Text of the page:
“Monty Cristo” here.
The site backend ate the review I wrote earlier today. The plan was to have it up this morning well in advance of the online box office for tonight’s screening in Austin closing. Oh well.
I found myself in Dallas all of a sudden at the end of last week for work, and was therefore able to see this movie that I blind-programmed. We’ve sold 170 out of around 200 tickets for a Korean movie that no one attending has seen at a fest, on an import disc, or anything. The trailer looks like a lot of fun, and in fact, the movie is a lot of fun too.
On the surface, it may look like a glossy, big-budget Asian OCEAN’S ELEVEN ripoff (which doesn’t sound that bad in and of itself), but it actually does a number of things rather differently. The variances merely begin with there being four primary female protagonists (instead of one) and a more contentious, everyone-for-themselves crew going for the big score.
The movie opens in the middle of “Popie/Popeye” and his crew pulling a job in Korea. Popie is played by Lee Jung-jae, the handsome star of THE HOUSEMAID remake who also does high fashion modeling. His looks play into his character being treated by his team as a peer without the grit or gravitas of a boss. It’s a notion that he resents, but which he feels helpless to change very much.
His crew includes sexpot acrobat Yenicall (Jeon Ji-hyun, star of MY SASSY GIRL), veteran lady thief “Chewingum” (THIRST’s Kim Hae-suk), and shy pretty boy Zampano (up-and-coming teen soap star Kim Soo Hyun). Zampano is obsessed with Yenicall, and Chewingum is ready to retire.
Popie’s mentor and colleague “Macao” Park (THE YELLOW SEA and THE CHASER’s Kim Yun-seok) gets in touch about a big score: the Tear of the Sun diamond. It’s a job so big that the team we’ve just met need to team up with a group from Hong Kong to pull it off. Before they leave for a meetup, “Pepsi” (3 EXTREMES II and RED SHOES’s Kim Hye-su) gets out of jail on parole. She has a history with both Popie and Macao Park, and we see the first seeds of conflict sewn, as well as the first hint of the double crossing to come.
The job is this: retrieve the diamond from the wealthy older woman staying at a particular Macanese casino through a series of complex misdirections and tricks. Then, they must fence it through one of two or three guys who can move a piece worth more than $20 Million.
The Hong Kong crew includes expert safecracker Julie (THE EYE’s Angelica Lee), another pretty boy named Johnny (Derek Tsang), the buffoonish “Korean-Chinese” Andrew (Oh Dal-su), and veteran badass Chen (Simon Yam). Oh Dal-su will look familiar if you’ve seen OLDBOY, THE HOST, THE GOOD/THE BAD/THE WEIRD, or THIRST. He’s great here as always. Simon Yam lends the movie a fair amount of gravitas. If you watch much Hong Kong action product, you’ll have seen him recently in the IP MAN movies, TRIANGLE, S.P.L. (Aka KILL ZONE), and various others. He gives one of the best performances in the film.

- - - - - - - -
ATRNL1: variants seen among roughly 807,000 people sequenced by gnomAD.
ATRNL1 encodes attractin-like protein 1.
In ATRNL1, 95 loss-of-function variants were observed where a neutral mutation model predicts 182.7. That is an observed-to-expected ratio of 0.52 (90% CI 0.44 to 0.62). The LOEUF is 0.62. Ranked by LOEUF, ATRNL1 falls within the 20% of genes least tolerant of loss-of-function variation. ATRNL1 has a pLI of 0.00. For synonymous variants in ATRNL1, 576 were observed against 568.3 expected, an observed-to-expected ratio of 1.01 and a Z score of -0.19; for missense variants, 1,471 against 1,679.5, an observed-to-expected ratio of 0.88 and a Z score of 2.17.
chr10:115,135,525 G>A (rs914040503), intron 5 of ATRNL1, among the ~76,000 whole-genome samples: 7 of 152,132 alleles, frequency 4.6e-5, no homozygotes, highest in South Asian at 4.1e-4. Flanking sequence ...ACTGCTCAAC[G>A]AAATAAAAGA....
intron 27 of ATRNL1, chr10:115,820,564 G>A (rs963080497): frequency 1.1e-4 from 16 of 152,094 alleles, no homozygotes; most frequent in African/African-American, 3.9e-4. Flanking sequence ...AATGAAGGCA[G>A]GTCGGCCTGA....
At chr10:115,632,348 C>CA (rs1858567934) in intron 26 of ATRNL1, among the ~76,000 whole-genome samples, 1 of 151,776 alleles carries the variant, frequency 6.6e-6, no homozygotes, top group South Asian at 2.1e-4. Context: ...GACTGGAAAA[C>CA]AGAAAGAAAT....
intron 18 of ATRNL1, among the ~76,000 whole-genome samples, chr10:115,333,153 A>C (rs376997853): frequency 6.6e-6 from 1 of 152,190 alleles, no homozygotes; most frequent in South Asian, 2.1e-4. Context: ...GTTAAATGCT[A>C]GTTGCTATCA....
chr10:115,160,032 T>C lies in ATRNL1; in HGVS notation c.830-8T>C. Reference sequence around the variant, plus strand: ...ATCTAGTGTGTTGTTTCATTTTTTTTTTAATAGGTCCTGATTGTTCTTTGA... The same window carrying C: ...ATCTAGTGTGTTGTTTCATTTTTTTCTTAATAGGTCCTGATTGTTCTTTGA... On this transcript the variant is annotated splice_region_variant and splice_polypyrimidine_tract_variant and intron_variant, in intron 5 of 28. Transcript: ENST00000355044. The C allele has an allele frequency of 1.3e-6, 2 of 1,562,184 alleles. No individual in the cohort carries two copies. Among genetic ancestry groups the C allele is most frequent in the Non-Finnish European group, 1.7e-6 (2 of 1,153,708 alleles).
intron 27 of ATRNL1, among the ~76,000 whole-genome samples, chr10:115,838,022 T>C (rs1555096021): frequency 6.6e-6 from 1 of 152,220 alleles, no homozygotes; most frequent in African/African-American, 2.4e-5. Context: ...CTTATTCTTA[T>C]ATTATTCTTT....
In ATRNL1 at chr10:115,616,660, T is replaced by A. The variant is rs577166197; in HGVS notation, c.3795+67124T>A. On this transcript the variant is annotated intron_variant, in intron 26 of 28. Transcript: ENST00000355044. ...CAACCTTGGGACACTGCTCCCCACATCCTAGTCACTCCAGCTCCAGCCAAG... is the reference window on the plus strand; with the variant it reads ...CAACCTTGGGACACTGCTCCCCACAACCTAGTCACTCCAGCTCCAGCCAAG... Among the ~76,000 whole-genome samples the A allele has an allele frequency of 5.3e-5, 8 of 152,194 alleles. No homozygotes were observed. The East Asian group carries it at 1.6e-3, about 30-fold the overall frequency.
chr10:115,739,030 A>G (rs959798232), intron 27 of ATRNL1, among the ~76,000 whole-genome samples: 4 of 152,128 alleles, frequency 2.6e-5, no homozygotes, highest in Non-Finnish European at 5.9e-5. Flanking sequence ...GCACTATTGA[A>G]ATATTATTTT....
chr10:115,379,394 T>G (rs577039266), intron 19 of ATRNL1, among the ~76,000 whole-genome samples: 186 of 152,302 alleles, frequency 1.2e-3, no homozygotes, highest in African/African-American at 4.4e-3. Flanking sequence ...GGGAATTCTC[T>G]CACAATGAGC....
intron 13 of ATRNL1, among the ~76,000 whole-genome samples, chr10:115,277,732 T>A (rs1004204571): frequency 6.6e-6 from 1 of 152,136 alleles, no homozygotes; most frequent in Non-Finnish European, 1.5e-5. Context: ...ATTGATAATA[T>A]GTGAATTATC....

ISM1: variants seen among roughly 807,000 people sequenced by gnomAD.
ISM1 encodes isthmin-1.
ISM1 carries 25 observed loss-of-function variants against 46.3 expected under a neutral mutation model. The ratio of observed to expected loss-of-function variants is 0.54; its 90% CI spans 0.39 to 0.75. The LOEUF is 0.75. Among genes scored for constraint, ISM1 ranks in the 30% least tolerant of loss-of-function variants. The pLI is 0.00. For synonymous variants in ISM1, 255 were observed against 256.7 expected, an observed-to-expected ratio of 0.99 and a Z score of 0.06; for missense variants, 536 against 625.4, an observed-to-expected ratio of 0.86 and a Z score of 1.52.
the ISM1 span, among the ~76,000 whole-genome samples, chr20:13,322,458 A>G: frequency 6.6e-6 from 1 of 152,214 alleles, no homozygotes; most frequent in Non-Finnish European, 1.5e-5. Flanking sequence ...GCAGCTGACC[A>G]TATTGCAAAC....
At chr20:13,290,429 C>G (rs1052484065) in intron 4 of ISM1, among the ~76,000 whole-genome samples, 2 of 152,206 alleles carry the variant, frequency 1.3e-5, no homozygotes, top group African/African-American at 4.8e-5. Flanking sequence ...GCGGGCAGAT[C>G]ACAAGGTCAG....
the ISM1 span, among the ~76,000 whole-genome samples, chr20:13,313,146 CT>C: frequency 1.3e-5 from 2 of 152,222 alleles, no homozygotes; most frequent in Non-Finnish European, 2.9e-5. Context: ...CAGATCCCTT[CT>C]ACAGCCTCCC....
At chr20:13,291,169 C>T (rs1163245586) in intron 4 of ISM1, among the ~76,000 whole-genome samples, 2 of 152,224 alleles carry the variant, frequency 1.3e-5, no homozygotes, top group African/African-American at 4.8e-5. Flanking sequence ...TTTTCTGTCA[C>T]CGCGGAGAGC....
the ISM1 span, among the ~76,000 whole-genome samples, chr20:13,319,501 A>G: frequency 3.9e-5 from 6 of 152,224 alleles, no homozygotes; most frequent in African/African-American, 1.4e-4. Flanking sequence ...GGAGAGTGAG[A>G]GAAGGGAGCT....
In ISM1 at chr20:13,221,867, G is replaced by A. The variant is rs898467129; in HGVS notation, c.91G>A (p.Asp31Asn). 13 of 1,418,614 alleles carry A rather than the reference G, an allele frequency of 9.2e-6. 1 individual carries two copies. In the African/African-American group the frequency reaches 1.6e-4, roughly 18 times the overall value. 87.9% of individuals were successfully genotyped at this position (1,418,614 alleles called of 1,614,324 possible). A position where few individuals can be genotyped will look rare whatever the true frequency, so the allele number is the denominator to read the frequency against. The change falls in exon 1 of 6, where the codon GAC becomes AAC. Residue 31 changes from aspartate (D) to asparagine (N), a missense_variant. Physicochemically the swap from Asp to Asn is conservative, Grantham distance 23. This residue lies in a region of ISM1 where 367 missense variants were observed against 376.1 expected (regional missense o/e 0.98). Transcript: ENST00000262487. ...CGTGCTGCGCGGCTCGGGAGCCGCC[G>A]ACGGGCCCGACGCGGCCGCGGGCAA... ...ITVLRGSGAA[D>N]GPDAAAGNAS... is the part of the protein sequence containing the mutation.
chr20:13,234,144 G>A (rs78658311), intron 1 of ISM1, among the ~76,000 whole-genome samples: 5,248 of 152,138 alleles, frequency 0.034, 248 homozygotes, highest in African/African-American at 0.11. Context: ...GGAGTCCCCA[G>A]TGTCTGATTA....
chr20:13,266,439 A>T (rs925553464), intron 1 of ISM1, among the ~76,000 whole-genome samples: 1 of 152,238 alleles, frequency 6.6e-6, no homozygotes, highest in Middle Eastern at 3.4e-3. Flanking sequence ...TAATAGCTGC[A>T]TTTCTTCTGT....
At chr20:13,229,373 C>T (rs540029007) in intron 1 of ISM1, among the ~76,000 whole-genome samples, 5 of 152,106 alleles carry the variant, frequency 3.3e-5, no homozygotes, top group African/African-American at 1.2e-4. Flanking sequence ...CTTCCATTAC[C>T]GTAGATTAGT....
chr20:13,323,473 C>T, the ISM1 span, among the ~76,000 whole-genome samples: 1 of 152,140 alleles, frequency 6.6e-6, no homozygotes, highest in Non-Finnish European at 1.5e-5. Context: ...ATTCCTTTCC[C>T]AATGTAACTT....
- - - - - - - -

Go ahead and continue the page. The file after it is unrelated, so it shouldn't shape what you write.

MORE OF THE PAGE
The meeting of the two groups provides yet further character development, which fleshes them out as real people rather than simply the archetypes they’re set to fill. I have to also mention that I was delighted to find how realistic their inter-racism was as well. More cracks form in the thin ice.
We also get a peek at the backup plans that many seem to have put in place or begin to from this point. There truly is no honor among these thieves in many ways, but there are various notable and delightful exceptions that surface in the form of unexpected friendships and even some fleeting, dare I say MOVING romance. I got the feeling that not everyone was going to make it out of this thing alive, and when death comes, it carries weight.
It spoils nothing to mention that the heist itself is only the second act. This movie is about the people (hence the title), not just the job. The inception, act of doing, and aftermath of the job is what carries these characters out of the repetitive phase they find themselves in, driving their lives forward. Determining whether that good or bad for them is up to us.
Don’t get me wrong, this IS a glossy, big-budget caper movie starring some of Korea and Hong Kong’s biggest stars, and is heavily American in its influences. There are a couple of moments that struck me as a little saccharine, but on the whole, the stakes the movie sets are serious and real, and it delivers a fun, old-fashioned heist story with a heavy dose of modern style. It ties up the threads that need tying up, and yet leaves loose ends in yet others in a way that I found highly satisfying. THE THIEVES shows that once again, East Asia can be more than capable of producing action and thrills in the Hollywood mold, possibly in a more focused manner than Hollywood itself can anymore.
It’ll be in theaters for a few more weeks, and I’m guessing it should be on video sometime in early 2013. See it while you can in a theater.
Austinites can come out tonight at 8pm (Alamo South Lamar) if they want, since a few tickets are still available at the door.